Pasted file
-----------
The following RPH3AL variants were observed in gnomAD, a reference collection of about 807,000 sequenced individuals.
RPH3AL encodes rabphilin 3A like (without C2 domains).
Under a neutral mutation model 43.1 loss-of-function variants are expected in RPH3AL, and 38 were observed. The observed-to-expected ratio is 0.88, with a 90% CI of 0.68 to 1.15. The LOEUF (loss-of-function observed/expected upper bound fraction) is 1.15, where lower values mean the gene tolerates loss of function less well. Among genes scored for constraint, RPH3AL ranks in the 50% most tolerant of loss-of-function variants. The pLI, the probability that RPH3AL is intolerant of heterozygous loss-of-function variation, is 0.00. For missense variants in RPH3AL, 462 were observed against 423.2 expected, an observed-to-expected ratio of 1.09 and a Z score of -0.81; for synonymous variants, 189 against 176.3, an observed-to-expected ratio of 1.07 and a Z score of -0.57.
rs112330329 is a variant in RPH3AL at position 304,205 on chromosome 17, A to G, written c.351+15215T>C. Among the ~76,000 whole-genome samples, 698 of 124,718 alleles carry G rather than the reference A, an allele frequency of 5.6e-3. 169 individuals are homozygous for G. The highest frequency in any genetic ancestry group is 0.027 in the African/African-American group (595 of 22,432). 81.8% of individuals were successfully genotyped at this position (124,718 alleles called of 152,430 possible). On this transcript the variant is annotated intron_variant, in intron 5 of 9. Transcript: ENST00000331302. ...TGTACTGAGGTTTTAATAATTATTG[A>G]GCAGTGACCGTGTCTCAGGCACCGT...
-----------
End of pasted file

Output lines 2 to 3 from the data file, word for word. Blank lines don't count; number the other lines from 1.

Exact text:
RPH3AL encodes rabphilin 3A like (without C2 domains).
Under a neutral mutation model 43.1 loss-of-function variants are expected in RPH3AL, and 38 were observed. The observed-to-expected ratio is 0.88, with a 90% CI of 0.68 to 1.15. The LOEUF (loss-of-function observed/expected upper bound fraction) is 1.15, where lower values mean the gene tolerates loss of function less well. Among genes scored for constraint, RPH3AL ranks in the 50% most tolerant of loss-of-function variants. The pLI, the probability that RPH3AL is intolerant of heterozygous loss-of-function variation, is 0.00. For missense variants in RPH3AL, 462 were observed against 423.2 expected, an observed-to-expected ratio of 1.09 and a Z score of -0.81; for synonymous variants, 189 against 176.3, an observed-to-expected ratio of 1.07 and a Z score of -0.57.